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UNG chemistry professor, students' research published in scholarly journal

Tomlinson-Aimee
UNG chemistry professor Dr. Aimée Tomlinson and three of her students hope their research will someday result in improving fighter pilots' field of vision during combat.

University of North Georgia (UNG) chemistry professor Dr. Aimée Tomlinson and three of her students hope their research will someday result in improving fighter pilots' field of vision during combat.

With funding from Air Force Office of Scientific Research (AFOSR), Tomlinson and her team, comprised of current UNG student Lily Rainwater and alums David Wheeler('16) and Alexa Green('17), collaborated with a research group from Georgia Tech. The long-term goal of the project was to generate electrochromic materials (which could change from clear to black); basically, a material that will change color when it comes in contact with sunlight.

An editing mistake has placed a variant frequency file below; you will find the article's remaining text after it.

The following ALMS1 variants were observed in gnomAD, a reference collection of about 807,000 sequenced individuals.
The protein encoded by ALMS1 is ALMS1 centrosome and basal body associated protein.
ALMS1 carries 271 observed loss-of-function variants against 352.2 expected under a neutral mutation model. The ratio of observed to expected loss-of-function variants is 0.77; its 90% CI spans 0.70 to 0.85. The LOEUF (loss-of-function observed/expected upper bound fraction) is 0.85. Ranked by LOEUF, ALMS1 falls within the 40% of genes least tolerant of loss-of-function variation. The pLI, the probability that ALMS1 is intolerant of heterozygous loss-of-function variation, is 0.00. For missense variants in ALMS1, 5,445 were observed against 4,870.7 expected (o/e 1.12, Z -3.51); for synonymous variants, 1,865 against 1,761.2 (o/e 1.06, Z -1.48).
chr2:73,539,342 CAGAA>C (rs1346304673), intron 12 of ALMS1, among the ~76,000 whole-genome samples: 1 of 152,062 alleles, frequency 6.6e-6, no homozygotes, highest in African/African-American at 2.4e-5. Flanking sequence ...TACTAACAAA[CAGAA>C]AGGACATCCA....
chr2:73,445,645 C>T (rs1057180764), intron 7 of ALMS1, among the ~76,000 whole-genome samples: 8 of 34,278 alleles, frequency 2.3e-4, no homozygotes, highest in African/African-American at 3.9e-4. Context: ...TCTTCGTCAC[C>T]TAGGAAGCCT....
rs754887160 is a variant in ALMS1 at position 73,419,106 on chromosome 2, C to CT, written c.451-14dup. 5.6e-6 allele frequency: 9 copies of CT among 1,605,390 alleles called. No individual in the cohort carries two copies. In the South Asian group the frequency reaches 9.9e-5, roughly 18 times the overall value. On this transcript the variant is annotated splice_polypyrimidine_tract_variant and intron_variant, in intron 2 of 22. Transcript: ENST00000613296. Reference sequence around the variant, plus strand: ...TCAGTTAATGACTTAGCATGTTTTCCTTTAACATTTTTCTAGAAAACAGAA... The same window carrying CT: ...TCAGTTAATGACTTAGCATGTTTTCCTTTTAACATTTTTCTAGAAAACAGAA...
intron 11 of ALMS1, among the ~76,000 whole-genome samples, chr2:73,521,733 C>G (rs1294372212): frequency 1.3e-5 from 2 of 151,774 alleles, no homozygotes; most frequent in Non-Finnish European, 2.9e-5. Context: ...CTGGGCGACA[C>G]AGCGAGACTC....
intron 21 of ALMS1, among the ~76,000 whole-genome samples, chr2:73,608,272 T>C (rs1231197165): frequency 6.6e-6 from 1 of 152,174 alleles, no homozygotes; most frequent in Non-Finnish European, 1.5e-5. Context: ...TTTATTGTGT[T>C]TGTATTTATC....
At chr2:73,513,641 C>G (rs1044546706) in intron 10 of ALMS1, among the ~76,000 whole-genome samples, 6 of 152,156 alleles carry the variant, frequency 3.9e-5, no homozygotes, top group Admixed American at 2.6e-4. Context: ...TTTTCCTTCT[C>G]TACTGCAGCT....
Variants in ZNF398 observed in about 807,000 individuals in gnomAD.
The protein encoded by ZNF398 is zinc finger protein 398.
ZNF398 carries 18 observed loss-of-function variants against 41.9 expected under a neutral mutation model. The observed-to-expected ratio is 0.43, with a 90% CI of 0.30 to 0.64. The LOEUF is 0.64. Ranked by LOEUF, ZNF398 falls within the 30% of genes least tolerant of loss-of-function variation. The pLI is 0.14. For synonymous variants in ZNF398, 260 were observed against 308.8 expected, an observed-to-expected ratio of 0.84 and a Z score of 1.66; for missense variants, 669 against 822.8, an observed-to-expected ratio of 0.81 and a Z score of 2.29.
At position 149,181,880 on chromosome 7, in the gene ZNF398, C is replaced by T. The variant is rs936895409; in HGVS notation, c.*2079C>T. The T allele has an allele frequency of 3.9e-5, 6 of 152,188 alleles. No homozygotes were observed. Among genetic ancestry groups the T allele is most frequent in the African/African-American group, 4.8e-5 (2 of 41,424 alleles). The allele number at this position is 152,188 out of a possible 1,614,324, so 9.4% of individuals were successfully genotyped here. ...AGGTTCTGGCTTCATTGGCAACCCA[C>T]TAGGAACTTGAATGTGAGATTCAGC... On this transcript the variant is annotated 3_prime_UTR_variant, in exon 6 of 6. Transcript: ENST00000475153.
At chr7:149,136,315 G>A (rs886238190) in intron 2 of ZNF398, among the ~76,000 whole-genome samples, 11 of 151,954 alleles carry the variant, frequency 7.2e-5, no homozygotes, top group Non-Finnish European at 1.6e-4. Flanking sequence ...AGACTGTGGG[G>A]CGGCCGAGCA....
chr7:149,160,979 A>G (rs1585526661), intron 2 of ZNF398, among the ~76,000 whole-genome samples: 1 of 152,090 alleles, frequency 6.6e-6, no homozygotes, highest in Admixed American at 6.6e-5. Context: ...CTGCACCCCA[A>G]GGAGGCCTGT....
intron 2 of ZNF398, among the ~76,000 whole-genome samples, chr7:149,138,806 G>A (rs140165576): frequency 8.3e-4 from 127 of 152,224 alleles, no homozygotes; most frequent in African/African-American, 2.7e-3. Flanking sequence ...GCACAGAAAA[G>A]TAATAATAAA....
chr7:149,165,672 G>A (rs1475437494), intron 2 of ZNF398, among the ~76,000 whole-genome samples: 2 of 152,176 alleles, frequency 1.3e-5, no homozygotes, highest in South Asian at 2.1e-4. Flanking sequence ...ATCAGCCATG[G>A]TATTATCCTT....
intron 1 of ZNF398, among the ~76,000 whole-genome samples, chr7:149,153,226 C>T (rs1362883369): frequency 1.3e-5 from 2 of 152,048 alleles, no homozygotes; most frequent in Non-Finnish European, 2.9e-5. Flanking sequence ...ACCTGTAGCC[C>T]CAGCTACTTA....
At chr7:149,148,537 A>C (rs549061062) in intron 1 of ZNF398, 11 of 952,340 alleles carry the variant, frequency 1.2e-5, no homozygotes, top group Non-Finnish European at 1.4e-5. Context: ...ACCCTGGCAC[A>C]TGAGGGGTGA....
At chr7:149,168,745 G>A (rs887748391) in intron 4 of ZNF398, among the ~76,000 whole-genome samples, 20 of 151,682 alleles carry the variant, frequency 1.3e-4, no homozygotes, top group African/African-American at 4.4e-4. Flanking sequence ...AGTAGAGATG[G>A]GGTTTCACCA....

The USAF's use for the material would be when fighter pilots are using cloud cover for concealment in combat and then come out into direct sunlight at high speed. The pilots are momentarily blinded during the transition when they lower their sun visors, taking a hand off the controls to do so. The researchers want to develop a material to cover either the pilot's visor or the cockpit cowling that will allow a clear to dark transition to occur nearly instantaneously.

The result of their findings from two years of research is a paper titled "Modeling electrochromic polydioxythiophene-containing materials through time-dependent density functional theory ," published in July in the United Kingdom's Royal Society of Chemistry's journal, "Physical Chemistry Chemical Physics."

 

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